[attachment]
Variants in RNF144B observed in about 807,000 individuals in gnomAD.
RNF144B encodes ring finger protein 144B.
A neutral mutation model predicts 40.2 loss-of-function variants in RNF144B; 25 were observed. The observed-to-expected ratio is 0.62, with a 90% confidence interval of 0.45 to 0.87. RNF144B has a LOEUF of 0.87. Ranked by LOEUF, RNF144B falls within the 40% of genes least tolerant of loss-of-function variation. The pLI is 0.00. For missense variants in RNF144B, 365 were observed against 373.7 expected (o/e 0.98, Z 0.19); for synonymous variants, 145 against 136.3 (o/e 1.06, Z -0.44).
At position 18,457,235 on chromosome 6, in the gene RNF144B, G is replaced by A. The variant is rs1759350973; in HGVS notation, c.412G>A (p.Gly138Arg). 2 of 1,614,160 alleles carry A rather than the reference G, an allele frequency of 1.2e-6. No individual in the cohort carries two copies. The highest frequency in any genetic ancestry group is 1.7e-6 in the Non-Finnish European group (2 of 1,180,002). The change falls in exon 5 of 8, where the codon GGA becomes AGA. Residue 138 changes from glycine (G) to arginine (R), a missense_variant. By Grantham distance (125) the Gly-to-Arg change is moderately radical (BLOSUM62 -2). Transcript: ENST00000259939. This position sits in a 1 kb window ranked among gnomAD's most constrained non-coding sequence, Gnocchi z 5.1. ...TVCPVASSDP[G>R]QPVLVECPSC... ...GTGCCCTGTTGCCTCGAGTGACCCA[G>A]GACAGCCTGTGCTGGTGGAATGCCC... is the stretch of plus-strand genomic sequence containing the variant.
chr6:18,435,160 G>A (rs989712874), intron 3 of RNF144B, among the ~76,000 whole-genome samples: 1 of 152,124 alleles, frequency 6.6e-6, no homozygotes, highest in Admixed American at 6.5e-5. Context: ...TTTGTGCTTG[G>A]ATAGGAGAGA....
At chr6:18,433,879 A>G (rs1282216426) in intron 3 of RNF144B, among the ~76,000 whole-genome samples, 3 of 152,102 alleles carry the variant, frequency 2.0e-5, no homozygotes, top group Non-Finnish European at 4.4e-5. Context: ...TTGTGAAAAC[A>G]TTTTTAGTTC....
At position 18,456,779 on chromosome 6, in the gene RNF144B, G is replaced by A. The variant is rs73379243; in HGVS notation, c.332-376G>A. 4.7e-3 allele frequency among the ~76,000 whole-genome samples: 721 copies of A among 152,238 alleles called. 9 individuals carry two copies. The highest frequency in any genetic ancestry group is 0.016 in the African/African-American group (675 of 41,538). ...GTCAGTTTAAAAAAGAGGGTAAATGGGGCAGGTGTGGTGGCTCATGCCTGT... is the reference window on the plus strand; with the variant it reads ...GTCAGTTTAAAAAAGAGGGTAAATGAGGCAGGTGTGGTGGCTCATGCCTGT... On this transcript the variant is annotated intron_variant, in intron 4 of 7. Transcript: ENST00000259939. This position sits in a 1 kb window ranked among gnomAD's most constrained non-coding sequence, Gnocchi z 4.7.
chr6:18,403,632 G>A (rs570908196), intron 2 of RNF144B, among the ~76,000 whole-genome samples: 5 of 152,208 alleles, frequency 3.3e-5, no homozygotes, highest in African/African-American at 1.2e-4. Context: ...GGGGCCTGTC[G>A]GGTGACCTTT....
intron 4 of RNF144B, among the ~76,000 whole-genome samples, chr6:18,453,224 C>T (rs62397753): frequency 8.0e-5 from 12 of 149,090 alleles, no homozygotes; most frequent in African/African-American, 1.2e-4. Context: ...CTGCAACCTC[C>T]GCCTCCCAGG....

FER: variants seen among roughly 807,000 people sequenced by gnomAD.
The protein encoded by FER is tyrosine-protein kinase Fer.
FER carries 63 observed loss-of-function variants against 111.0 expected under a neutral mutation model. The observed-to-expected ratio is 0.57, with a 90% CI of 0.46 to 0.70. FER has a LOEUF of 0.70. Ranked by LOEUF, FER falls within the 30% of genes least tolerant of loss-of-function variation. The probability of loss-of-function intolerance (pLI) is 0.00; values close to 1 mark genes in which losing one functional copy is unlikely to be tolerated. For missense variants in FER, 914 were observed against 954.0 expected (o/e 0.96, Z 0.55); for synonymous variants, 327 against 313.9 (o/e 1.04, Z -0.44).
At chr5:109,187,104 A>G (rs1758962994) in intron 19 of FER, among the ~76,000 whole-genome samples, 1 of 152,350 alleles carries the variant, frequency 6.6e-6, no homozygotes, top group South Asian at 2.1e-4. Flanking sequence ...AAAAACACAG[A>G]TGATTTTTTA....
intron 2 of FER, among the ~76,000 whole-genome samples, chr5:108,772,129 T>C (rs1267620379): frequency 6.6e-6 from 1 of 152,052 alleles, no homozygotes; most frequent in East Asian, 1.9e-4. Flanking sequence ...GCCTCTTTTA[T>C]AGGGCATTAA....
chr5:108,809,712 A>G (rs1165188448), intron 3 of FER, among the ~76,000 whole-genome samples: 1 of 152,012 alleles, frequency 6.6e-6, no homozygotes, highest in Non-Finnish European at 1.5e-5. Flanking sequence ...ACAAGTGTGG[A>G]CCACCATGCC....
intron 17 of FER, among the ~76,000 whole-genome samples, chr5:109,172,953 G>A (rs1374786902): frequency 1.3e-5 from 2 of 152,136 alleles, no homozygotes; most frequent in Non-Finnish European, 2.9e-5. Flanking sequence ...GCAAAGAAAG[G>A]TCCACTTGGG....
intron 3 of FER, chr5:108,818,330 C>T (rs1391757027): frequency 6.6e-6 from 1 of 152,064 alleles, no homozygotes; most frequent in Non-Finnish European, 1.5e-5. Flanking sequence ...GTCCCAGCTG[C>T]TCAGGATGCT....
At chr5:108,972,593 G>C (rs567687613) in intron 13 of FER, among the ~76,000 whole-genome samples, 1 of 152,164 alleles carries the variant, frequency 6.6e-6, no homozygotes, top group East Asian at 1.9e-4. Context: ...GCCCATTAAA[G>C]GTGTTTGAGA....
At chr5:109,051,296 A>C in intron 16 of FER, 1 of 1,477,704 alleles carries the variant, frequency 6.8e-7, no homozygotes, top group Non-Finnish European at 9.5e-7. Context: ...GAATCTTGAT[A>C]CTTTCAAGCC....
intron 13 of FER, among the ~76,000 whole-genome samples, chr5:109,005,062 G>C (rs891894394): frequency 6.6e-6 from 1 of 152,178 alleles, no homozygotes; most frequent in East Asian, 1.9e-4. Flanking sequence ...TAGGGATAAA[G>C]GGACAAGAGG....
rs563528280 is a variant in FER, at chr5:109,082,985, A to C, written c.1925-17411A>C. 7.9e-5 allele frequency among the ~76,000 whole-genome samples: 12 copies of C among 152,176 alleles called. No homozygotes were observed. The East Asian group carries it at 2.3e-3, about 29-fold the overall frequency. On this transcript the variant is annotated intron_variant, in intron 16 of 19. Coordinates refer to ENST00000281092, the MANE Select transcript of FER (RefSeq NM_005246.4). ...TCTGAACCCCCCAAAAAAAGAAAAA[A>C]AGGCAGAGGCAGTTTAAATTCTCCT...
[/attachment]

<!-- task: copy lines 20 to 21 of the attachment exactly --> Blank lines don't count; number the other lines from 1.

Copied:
intron 13 of FER, among the ~76,000 whole-genome samples, chr5:109,005,062 G>C (rs891894394): frequency 6.6e-6 from 1 of 152,178 alleles, no homozygotes; most frequent in East Asian, 1.9e-4. Flanking sequence ...TAGGGATAAA[G>C]GGACAAGAGG....
rs563528280 is a variant in FER, at chr5:109,082,985, A to C, written c.1925-17411A>C. 7.9e-5 allele frequency among the ~76,000 whole-genome samples: 12 copies of C among 152,176 alleles called. No homozygotes were observed. The East Asian group carries it at 2.3e-3, about 29-fold the overall frequency. On this transcript the variant is annotated intron_variant, in intron 16 of 19. Coordinates refer to ENST00000281092, the MANE Select transcript of FER (RefSeq NM_005246.4). ...TCTGAACCCCCCAAAAAAAGAAAAA[A>C]AGGCAGAGGCAGTTTAAATTCTCCT...